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‘Private Benjamin’ Actress Eileen Brennan Dies At 80

Brennan Got Her Start On Off-Broadway Stage
Eileen Brennan

Actress Eileen Brennan passed away on July 28, 2013. (Credit: Frederick M. Brown/Getty Images)

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BURBANK, Calif. (CBSNewYork/AP) — Actress Eileen Brennan – perhaps known for playing the no-nonsense drill sergeant in the movie “Private Benjamin” – has died.

Brennan died this past Sunday at her home in Burbank, Calif., after a battle of bladder cancer, according to her managers. She was 80 years old.

“Our family is so grateful for the outpouring of love and respect for Eileen,” her family said in a statement. “She was funny and caring and truly one of a kind. Her strength and love will never be forgotten.”

PHOTOS: 2013 CELEBRITY DEATHS

Brennan got her first big role off Broadway in “Little Mary Sunshine,” a sendup of old-fashioned musicals that premiered in 1959 at the Orpheum Theatre in the East Village. The musical comedy that won Brennan the 1960 Obie award for best actress.

Along with her “excellent singing voice,” her performance was “radiant and comic,” said a New York Times review.

But it was a series of sharp-tongued roles that won her fans on television and in movies, including gruff Army Capt. Doreen Lewis in the 1980 movie “Private Benjamin,” aloof Mrs. Peacock in the 1985 film ”Clue,” and mean orphanage superintendent Miss Bannister in 1988′s “The New Adventures of Pippi Longstocking.”

“I love meanies, and this goes back to Capt. Lewis in `Private Benjamin,’” Brennan said a 1988 interview with The Associated Press. “You know why? Because they have no sense of humor. People who are mean or unkind or rigid — think about it — cannot laugh at themselves. If we can’t laugh at ourselves and the human condition, we’re going to be mean”

“Private Benjamin” brought her a supporting actress nomination for an Oscar. She also won an Emmy for repeating her “Private Benjamin” role in the television version, and was nominated six other times for guest roles on such shows as “Newhart,” “thirtysomething,” ”Taxi” and “Will & Grace.”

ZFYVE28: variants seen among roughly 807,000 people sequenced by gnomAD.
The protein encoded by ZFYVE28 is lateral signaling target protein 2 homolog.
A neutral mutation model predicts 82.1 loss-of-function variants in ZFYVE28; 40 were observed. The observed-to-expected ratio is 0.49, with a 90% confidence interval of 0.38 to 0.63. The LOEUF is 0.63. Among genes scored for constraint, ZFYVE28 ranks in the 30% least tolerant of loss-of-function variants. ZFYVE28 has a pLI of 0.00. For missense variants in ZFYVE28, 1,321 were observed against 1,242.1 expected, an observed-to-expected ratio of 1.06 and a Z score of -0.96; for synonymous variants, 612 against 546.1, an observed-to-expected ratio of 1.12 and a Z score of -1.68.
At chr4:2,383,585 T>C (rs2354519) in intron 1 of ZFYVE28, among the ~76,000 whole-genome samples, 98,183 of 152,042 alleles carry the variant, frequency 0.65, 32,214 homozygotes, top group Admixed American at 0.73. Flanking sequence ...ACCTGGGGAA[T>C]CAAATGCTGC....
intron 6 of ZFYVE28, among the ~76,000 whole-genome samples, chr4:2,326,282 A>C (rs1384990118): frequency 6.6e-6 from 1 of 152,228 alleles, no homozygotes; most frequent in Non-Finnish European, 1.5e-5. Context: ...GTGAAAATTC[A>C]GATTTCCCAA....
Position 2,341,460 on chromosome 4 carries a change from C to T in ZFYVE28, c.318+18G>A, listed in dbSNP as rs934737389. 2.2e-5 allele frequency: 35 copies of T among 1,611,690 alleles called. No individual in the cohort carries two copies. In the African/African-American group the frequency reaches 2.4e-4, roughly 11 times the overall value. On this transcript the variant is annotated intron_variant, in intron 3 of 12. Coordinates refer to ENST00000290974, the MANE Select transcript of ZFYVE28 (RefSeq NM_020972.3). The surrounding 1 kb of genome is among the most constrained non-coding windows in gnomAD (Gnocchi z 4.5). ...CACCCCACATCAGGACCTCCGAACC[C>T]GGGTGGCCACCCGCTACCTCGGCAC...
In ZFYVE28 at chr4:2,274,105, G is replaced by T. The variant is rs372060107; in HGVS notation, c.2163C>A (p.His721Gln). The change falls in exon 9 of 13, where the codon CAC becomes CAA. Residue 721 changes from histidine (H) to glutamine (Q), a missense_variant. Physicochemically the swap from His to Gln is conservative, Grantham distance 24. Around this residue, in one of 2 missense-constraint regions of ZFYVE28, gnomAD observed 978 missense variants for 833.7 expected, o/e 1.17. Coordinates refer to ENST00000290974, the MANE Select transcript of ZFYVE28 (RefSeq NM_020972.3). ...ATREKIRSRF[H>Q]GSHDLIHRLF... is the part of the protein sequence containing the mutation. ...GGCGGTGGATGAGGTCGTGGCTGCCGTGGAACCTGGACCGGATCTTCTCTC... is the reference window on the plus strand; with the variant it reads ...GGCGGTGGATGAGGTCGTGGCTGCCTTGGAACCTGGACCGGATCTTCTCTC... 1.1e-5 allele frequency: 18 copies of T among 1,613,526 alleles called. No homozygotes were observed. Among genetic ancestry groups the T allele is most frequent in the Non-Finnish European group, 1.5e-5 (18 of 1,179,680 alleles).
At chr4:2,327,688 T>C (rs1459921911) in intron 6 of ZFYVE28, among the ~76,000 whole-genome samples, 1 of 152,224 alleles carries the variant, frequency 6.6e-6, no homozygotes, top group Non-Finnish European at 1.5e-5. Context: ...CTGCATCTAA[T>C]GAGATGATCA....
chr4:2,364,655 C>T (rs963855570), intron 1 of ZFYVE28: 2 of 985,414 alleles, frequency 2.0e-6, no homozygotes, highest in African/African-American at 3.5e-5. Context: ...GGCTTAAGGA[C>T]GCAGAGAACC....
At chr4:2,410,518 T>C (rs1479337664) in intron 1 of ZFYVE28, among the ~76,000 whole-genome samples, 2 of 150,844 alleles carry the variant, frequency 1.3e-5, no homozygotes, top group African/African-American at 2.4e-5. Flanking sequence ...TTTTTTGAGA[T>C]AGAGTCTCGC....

Brennan’s “Private Benjamin” role led to an enduring friendship with the movie’s star, Goldie Hawn. A couple of years after they filmed the movie, Brennan and Hawn had dinner one night in 1982 in Venice, Calif. As they left the restaurant, Brennan was struck by a car. Her legs were smashed, bones on the left side of her face were broken, her left eye socket was shattered. Brennan said she fought her injuries with rage.

“I was no saint,” she said in an interview with Ladies Home Journal. “I was angry, and anger is a powerful emotion. It increased my determination not to go under, to get well.”

Brennan became dependent on painkillers, and two years after the accident she entered the Betty Ford Center to cure her addiction in 1984.

“We get addicted to dull the pain of life,” she told the magazine. “But once we accept that life is tough and painful, we can move on and grow and evolve.”

A decade after the accident, she said she was glad she was struck by the car.

“You learn from powerful things,” she said in 1992. “Initially, there’s enormous anger, but your priorities get shifted around.”

Brennan was a member of the original company of “Hello, Dolly” on Broadway, which debuted in 1964 at the St. James Theatre.

From the New York stage, she moved to the screen in “Divorce American Style” and “The Last Picture Show;” a pair of appearances on “Rowan & Martin’s Laugh-In,” and TV guest shots on everything from “All in the Family” and “McMillan & Wife” to “Kojak,” “The Love Boat,” “Murder She Wrote” and “Mad About You.”

Brennan was born Verla Eileen Regina Brennan in Los Angeles. She was educated in convent schools and studied at Georgetown University and the American Academy of Dramatic Arts in New York.

She is survived by her two sons, Sam and Patrick Brennan.

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(TM and Copyright 2013 CBS Radio Inc. and its relevant subsidiaries. CBS RADIO and EYE Logo TM and Copyright 2013 CBS Broadcasting Inc. Used under license. All Rights Reserved. This material may not be published, broadcast, rewritten, or redistributed. The Associated Press contributed to this report.)